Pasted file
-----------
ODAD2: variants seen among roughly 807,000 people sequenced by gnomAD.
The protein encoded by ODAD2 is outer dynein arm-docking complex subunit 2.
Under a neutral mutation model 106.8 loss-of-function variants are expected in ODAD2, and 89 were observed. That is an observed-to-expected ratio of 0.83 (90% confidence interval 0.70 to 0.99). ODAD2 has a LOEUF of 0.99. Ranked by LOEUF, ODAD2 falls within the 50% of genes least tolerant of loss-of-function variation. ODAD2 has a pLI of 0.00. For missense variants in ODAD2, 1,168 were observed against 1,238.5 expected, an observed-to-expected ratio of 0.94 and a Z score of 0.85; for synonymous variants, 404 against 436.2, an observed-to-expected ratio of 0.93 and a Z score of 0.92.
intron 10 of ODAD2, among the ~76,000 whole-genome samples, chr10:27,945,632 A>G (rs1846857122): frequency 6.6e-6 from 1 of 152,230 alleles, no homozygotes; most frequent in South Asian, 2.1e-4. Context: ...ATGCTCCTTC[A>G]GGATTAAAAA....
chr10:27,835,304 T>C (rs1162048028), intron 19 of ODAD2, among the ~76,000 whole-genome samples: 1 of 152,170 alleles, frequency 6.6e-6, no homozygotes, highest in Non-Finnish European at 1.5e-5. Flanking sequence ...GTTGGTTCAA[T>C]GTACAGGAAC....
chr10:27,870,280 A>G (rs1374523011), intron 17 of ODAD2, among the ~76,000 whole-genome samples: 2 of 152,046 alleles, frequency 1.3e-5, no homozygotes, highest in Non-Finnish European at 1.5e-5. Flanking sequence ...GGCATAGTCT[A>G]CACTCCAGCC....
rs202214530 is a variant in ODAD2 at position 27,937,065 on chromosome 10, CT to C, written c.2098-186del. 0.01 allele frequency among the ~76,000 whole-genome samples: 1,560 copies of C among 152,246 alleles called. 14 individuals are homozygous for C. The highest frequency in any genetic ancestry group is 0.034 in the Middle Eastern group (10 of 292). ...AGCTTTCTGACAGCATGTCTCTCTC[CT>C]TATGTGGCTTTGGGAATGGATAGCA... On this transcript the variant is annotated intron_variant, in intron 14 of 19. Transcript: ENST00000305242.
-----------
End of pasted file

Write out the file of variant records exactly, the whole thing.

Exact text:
ODAD2: variants seen among roughly 807,000 people sequenced by gnomAD.
The protein encoded by ODAD2 is outer dynein arm-docking complex subunit 2.
Under a neutral mutation model 106.8 loss-of-function variants are expected in ODAD2, and 89 were observed. That is an observed-to-expected ratio of 0.83 (90% confidence interval 0.70 to 0.99). ODAD2 has a LOEUF of 0.99. Ranked by LOEUF, ODAD2 falls within the 50% of genes least tolerant of loss-of-function variation. ODAD2 has a pLI of 0.00. For missense variants in ODAD2, 1,168 were observed against 1,238.5 expected, an observed-to-expected ratio of 0.94 and a Z score of 0.85; for synonymous variants, 404 against 436.2, an observed-to-expected ratio of 0.93 and a Z score of 0.92.
intron 10 of ODAD2, among the ~76,000 whole-genome samples, chr10:27,945,632 A>G (rs1846857122): frequency 6.6e-6 from 1 of 152,230 alleles, no homozygotes; most frequent in South Asian, 2.1e-4. Context: ...ATGCTCCTTC[A>G]GGATTAAAAA....
chr10:27,835,304 T>C (rs1162048028), intron 19 of ODAD2, among the ~76,000 whole-genome samples: 1 of 152,170 alleles, frequency 6.6e-6, no homozygotes, highest in Non-Finnish European at 1.5e-5. Flanking sequence ...GTTGGTTCAA[T>C]GTACAGGAAC....
chr10:27,870,280 A>G (rs1374523011), intron 17 of ODAD2, among the ~76,000 whole-genome samples: 2 of 152,046 alleles, frequency 1.3e-5, no homozygotes, highest in Non-Finnish European at 1.5e-5. Flanking sequence ...GGCATAGTCT[A>G]CACTCCAGCC....
rs202214530 is a variant in ODAD2 at position 27,937,065 on chromosome 10, CT to C, written c.2098-186del. 0.01 allele frequency among the ~76,000 whole-genome samples: 1,560 copies of C among 152,246 alleles called. 14 individuals are homozygous for C. The highest frequency in any genetic ancestry group is 0.034 in the Middle Eastern group (10 of 292). ...AGCTTTCTGACAGCATGTCTCTCTC[CT>C]TATGTGGCTTTGGGAATGGATAGCA... On this transcript the variant is annotated intron_variant, in intron 14 of 19. Transcript: ENST00000305242.